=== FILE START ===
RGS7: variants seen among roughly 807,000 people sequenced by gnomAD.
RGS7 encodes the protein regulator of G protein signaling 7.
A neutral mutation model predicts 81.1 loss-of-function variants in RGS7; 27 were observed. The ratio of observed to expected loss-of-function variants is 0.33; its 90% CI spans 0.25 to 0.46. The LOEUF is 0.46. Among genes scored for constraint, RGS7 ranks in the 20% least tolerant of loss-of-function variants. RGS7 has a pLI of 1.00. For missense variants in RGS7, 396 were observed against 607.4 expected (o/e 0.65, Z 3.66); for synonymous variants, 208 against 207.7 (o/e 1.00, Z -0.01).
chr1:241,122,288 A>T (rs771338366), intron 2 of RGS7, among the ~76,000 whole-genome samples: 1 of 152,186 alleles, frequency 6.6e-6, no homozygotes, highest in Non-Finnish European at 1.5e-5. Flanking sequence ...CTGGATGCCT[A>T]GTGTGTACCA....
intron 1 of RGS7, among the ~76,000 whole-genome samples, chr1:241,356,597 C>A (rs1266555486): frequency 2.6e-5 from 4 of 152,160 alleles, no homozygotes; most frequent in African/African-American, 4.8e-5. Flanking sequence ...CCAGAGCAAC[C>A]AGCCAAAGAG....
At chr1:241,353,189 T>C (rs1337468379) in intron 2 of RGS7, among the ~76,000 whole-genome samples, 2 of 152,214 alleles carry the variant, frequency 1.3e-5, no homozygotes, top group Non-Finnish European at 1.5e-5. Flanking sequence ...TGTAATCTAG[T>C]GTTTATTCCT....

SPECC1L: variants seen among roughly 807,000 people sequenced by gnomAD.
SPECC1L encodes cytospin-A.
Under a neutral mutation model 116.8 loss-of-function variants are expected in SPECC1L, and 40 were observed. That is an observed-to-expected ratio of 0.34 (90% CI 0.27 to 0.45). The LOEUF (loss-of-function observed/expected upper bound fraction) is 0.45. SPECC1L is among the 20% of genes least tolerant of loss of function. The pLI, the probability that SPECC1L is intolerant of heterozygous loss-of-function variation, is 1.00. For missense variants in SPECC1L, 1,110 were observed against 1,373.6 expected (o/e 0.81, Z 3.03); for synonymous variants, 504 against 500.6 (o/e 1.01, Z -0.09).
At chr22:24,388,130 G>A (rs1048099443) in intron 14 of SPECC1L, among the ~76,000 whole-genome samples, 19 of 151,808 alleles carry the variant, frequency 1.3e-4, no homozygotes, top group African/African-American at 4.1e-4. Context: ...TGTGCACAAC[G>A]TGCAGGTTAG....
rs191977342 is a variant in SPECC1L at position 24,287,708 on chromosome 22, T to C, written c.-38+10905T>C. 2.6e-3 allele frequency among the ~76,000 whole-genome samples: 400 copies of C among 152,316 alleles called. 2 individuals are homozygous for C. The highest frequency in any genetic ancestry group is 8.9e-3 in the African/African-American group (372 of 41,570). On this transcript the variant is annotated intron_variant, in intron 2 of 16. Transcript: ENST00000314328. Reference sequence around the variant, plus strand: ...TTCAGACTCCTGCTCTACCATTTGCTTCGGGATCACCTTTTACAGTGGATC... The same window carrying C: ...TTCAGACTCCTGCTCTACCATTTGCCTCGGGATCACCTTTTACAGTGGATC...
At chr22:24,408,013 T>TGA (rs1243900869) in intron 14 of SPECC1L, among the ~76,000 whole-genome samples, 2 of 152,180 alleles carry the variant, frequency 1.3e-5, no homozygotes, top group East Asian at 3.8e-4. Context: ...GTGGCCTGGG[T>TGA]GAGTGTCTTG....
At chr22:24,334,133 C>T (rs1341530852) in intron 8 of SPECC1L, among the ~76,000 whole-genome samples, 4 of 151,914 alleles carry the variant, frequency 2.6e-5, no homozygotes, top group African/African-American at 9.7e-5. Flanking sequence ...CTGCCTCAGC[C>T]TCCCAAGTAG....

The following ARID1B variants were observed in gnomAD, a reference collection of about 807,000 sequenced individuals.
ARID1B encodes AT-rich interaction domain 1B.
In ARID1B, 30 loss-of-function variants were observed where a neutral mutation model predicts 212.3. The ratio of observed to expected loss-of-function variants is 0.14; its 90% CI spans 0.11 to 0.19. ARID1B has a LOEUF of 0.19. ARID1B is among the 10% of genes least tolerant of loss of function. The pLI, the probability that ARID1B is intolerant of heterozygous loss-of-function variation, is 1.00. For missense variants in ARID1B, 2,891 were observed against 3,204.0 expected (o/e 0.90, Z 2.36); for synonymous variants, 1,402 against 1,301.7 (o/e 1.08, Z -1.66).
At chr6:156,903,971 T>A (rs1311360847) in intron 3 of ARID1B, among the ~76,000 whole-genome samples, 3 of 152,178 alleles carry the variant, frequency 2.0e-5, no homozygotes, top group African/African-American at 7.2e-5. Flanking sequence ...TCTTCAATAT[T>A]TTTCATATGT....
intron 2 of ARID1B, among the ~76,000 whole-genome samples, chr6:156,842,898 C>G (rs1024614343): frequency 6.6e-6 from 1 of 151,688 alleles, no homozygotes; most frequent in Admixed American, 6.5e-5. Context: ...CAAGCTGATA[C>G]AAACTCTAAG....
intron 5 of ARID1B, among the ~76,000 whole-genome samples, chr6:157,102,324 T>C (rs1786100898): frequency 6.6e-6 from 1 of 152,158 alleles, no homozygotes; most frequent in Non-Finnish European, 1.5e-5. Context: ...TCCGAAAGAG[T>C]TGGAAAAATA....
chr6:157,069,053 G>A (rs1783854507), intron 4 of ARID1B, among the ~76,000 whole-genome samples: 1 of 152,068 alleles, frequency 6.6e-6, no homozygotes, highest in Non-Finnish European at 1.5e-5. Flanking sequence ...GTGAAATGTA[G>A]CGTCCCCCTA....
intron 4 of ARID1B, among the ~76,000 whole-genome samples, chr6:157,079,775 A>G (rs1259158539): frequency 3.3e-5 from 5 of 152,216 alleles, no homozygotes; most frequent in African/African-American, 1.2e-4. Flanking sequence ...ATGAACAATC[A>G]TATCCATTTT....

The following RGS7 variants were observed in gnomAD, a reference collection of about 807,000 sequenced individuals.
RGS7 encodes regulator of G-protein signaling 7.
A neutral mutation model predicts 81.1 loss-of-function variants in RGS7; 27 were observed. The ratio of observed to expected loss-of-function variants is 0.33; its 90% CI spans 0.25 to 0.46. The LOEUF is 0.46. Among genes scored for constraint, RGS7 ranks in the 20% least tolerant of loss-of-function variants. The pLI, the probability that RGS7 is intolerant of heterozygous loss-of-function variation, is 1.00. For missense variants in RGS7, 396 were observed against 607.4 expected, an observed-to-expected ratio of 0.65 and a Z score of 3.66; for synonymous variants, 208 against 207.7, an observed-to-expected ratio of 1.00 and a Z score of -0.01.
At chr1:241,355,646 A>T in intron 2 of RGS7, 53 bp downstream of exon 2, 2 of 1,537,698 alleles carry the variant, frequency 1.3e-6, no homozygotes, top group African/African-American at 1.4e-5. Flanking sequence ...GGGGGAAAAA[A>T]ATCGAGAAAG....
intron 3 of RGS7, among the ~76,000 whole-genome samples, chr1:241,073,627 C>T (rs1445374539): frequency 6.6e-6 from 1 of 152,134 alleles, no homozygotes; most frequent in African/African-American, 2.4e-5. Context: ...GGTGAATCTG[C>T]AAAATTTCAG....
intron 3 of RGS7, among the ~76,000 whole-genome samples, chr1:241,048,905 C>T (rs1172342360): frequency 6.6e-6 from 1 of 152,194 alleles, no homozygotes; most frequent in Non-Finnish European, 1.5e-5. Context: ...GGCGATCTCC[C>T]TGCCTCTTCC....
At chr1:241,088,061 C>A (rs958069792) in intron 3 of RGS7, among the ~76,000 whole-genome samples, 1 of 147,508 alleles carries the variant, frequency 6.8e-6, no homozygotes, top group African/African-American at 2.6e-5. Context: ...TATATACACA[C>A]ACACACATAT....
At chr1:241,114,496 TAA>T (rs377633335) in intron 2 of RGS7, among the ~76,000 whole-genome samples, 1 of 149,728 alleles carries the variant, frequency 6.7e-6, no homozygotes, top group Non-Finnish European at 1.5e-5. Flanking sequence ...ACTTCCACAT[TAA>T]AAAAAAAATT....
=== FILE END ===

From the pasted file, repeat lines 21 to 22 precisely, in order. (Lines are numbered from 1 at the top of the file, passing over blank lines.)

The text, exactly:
intron 4 of ARID1B, among the ~76,000 whole-genome samples, chr6:157,079,775 A>G (rs1259158539): frequency 3.3e-5 from 5 of 152,216 alleles, no homozygotes; most frequent in African/African-American, 1.2e-4. Flanking sequence ...ATGAACAATC[A>G]TATCCATTTT....

The following RGS7 variants were observed in gnomAD, a reference collection of about 807,000 sequenced individuals.